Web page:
Friday | July 21, 2017
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Gov. Ige does a 180 on revitalization bill

Part of Hawaii Island’s ambitious legislative package to revitalize two areas in Hilo was pulled back from the brink Tuesday when Gov. David Ige issued his final list of vetoed bills.

Last month, House Bill 575 was one of 15 bills on Ige’s veto list. But it, along with a bill allowing a state department to conduct a pilot recycling program, will instead become law.

Ige will not sign the measure, according to a release from the Governor’s Office, but bills become law without a signature if they are not vetoed by July 14.

At the start of the 2017 legislative session, HB 575 was part of an eight-bill package put forth by East Hawaii legislators that was intended to facilitate economic redevelopment in Hilo. Two locations in particular — Banyan Drive and the Kanoelehua Industrial Area — were focal points of the package.

Both areas are mainly comprised of state-owned land that is leased out under 65-year terms. HB 575 notes that the limits on the lease “without the possibility of renewing the terms … leaves businesses that have existed in the community for decades with limited options.”

The bill allows leaseholders who made significant investments in their properties to renegotiate their leases with the state Department of Land and Natural Resources without going to public auction first. The auction process is typically required for state-leased lands (public auctions were still listed as an option under HB 575).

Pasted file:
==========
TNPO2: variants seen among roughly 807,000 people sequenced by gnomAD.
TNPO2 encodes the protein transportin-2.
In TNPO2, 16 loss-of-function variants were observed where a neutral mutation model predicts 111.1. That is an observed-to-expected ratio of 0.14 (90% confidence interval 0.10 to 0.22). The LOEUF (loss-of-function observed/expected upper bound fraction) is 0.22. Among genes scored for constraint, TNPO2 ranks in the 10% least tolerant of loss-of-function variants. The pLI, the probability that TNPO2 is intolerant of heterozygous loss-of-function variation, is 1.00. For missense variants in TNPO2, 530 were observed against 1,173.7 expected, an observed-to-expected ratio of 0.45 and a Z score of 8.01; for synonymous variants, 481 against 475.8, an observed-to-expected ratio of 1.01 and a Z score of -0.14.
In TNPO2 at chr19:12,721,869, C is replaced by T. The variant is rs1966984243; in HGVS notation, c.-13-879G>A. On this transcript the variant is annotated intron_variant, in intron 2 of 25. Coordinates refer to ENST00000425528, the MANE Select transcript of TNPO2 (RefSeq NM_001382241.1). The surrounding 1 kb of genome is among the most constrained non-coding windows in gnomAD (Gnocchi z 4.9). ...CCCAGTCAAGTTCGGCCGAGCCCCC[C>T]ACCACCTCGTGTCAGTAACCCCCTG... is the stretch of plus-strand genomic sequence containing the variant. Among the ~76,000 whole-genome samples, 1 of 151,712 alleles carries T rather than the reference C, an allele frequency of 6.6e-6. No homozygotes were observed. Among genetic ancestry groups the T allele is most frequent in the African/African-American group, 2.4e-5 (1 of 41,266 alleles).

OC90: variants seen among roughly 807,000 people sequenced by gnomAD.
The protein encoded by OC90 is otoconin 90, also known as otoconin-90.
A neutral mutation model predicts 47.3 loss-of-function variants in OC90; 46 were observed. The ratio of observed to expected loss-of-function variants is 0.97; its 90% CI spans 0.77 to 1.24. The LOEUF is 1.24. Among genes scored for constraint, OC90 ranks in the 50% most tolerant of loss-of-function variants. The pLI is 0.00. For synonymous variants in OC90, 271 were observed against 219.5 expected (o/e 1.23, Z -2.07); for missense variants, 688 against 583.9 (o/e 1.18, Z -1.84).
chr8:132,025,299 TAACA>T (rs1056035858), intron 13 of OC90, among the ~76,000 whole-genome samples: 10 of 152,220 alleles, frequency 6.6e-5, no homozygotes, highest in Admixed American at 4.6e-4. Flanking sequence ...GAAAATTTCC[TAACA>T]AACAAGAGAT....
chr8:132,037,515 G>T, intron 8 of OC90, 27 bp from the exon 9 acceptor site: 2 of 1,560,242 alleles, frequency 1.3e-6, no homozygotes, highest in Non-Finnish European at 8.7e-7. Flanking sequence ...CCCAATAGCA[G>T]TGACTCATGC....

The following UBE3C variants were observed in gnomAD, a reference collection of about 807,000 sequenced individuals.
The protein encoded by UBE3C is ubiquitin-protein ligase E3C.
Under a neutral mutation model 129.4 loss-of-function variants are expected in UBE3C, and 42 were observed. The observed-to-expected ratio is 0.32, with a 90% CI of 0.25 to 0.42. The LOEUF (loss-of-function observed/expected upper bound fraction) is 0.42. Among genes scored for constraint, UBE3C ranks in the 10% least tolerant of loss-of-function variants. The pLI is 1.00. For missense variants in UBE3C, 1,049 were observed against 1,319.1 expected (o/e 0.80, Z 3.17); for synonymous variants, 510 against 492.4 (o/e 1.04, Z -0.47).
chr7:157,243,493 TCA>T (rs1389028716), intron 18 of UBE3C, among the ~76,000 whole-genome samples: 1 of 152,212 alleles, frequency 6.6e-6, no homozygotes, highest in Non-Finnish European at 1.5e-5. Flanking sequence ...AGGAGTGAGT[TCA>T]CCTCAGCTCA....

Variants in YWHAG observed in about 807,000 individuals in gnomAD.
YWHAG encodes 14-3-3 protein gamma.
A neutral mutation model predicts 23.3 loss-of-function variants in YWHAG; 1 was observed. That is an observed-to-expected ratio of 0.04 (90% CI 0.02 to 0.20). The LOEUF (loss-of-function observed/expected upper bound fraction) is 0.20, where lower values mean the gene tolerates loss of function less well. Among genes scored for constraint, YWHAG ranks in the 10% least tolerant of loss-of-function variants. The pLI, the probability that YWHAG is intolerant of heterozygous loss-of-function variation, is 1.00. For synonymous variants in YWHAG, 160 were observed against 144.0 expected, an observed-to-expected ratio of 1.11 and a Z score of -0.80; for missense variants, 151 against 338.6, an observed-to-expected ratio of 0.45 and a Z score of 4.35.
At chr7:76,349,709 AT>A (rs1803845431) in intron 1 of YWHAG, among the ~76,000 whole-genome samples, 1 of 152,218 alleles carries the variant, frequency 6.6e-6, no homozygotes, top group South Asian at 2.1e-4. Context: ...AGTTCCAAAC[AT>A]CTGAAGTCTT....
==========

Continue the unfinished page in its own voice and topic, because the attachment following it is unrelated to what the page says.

HB 575 specified that only commercial and industrial lessees within the last 10 years of their lease could request an extension. This provision led to the proposed veto: The primary concern with the bill was the possibility it was in violation of the state constitution because the section pertaining to Banyan Drive and the Kanoelehua Industrial Area was special legislation.

“It limits application of the bill to commercial and industrial lands only, without distinguishing these lands from other public lands under lease,” Ige wrote in a statement last month.

“If it had been vetoed, we would have been back at square one, and we would have had to go through the Legislature and get it all passed again,” said Rep. Mark Nakashima, D-Hamakua, North Hilo, South Hilo, who introduced the bill. HB 575 passed in the final hours of the legislative session this year.

“I’m pleasantly surprised that the governor did reconsider the issues that he shared with me,” Nakashima said, calling the decision “a step forward with regard to state management of the leased lands.”

During next year’s legislative session, lawmakers plan to introduce amendments to the bill to ensure it is not special legislation and thus subject to possible litigation.

“The bill will become law, and my sense is that with the way these things work, nobody’s going to try to do anything right away that immediately utilizes the terms,” Nakashima said.

Email Ivy Ashe at iashe@hawaiitribune-herald.com.

 

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